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Coprophagia is the consumption of feces. It is a practice common to several animals, including, in rare cases, humans (see below).

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Coprophagia in animals

Coprophagia is a behavior sometimes observed, with considerable disgust, by dog owners. Hofmeister, Cumming, and Dhein (2001) write that this behavior in animals has not been well-researched, and they are (as of this writing) preparing a study. In a preliminary online paper, they write that there are various theories explaining why animals consume other animals' feces. According to one theory, dogs might do this in order to get attention from their owners. On a different theory, dogs observe their owners picking up feces, and imitate this behavior. Other theories postulate that a dog might eat feces in order to prevent the scent from attracting predators, and that dogs might eat feces simply because they are hungry.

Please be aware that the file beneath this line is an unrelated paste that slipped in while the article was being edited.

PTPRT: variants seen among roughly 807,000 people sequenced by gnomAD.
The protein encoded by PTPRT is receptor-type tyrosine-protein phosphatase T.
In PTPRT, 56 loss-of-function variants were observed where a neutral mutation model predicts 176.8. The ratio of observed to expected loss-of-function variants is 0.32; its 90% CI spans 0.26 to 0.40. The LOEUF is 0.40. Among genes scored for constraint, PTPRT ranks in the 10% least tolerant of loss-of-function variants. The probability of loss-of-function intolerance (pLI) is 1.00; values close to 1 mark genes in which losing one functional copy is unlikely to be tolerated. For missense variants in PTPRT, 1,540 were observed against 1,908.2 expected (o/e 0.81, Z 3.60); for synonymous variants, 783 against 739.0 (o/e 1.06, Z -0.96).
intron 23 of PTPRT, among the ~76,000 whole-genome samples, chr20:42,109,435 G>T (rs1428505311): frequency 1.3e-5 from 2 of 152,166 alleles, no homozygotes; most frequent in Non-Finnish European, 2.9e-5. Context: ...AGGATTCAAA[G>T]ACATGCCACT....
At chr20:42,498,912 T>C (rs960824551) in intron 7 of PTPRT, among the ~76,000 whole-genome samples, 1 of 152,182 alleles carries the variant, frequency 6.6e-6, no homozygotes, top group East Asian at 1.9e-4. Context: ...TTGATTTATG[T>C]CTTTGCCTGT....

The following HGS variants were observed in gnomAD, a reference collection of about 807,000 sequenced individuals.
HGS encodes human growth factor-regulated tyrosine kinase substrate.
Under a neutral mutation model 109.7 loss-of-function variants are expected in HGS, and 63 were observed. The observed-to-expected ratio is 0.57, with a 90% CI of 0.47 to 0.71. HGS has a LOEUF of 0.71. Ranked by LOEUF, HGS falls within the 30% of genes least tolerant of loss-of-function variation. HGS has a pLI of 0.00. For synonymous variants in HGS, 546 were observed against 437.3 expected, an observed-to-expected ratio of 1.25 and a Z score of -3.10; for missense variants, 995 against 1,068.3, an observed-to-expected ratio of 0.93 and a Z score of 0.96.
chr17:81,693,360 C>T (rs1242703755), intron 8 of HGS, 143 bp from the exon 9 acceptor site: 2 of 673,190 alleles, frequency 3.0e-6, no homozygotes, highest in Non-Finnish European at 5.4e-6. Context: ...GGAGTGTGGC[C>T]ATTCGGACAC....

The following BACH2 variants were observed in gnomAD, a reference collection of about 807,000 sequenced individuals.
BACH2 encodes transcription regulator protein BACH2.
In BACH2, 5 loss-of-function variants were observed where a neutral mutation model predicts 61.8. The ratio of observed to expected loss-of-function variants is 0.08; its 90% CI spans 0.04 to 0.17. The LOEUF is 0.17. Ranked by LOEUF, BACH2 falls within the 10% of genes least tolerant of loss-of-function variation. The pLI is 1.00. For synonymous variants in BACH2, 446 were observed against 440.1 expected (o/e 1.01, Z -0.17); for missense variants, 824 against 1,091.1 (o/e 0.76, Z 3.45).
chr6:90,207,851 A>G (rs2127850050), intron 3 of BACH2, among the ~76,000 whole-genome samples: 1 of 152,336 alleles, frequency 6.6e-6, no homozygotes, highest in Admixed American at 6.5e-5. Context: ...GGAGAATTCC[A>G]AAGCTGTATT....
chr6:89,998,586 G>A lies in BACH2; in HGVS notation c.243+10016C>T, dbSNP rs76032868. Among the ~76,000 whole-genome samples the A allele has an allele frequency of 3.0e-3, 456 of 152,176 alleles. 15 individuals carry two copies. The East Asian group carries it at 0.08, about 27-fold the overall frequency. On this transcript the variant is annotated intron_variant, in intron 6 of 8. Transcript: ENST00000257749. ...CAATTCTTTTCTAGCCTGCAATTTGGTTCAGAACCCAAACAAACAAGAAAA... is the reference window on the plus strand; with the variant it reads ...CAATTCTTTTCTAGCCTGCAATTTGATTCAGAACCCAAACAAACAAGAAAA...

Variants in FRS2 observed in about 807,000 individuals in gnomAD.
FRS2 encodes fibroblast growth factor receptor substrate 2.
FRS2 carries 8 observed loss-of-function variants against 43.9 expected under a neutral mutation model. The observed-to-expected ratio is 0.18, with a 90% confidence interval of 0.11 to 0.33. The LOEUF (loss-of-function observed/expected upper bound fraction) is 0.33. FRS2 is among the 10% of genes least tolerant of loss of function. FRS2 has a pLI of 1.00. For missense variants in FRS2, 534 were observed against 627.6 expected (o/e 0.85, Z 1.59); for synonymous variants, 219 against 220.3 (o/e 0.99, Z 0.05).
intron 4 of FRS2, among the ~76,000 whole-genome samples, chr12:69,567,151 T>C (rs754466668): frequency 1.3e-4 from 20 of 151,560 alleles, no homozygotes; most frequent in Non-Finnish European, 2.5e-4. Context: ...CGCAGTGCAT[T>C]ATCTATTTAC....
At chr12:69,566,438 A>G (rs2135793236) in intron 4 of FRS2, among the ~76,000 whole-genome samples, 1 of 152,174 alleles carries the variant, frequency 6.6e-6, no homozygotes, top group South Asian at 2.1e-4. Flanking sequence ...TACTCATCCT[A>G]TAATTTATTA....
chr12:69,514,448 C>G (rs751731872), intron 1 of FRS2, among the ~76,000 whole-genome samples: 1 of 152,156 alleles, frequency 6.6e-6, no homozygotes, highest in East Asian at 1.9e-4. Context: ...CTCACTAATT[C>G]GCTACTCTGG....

Young elephants eat the feces of their mother to obtain the necessary bacteria for the proper digestion of the vegatation found on the savannah. When they are born, their intestines do not contain these bacteria. Without them, these elephants would be unable to get any nutritional value from plants. Hamsters eat their own droppings (called coprophagia , and this is thought to be important as a source of vitamins B and K.

Coprophagia in humans

Coprophagia is a highly hazardous practice in humans, usually associated with coprophilia. Consuming other people's feces carry the risk of contracting a wide variety of diseases, including Hepatitis and AIDS. Note that even consuming ones own feces involves risk, as the bowel bacteria are not safe to ingest. The same advice applies to related sexual practices, such as rimming.


External links

  • [1] (http://www.metrokc.gov/lars/animal/Educate/cassidy/dog/dog15.htm) King County, Washington, Animal Control Section. "Eating His Own or Other Animal Feces."
  • [2] (http://www.thevet.com/vetbhv22.htm) Tomball Veterinary Clinic. "Coprophagia."
  • [3] (http://www.vetinfo.com/deatpoop) Michal Justis. "Coprophagia (eating feces) and other Feces Problems."
  • [4] (http://www.understandinganimals.com/coprophagia) Jocelyn Toner. "Coprophagia - the unfortunately palatable truth."

The behaviour is also seen in rabbits, and has a simple explanation: as they don't have the ruminant digestive system found in larger herbivores, they instead extract more nutrition from grass by giving their food a second pass through the gut.

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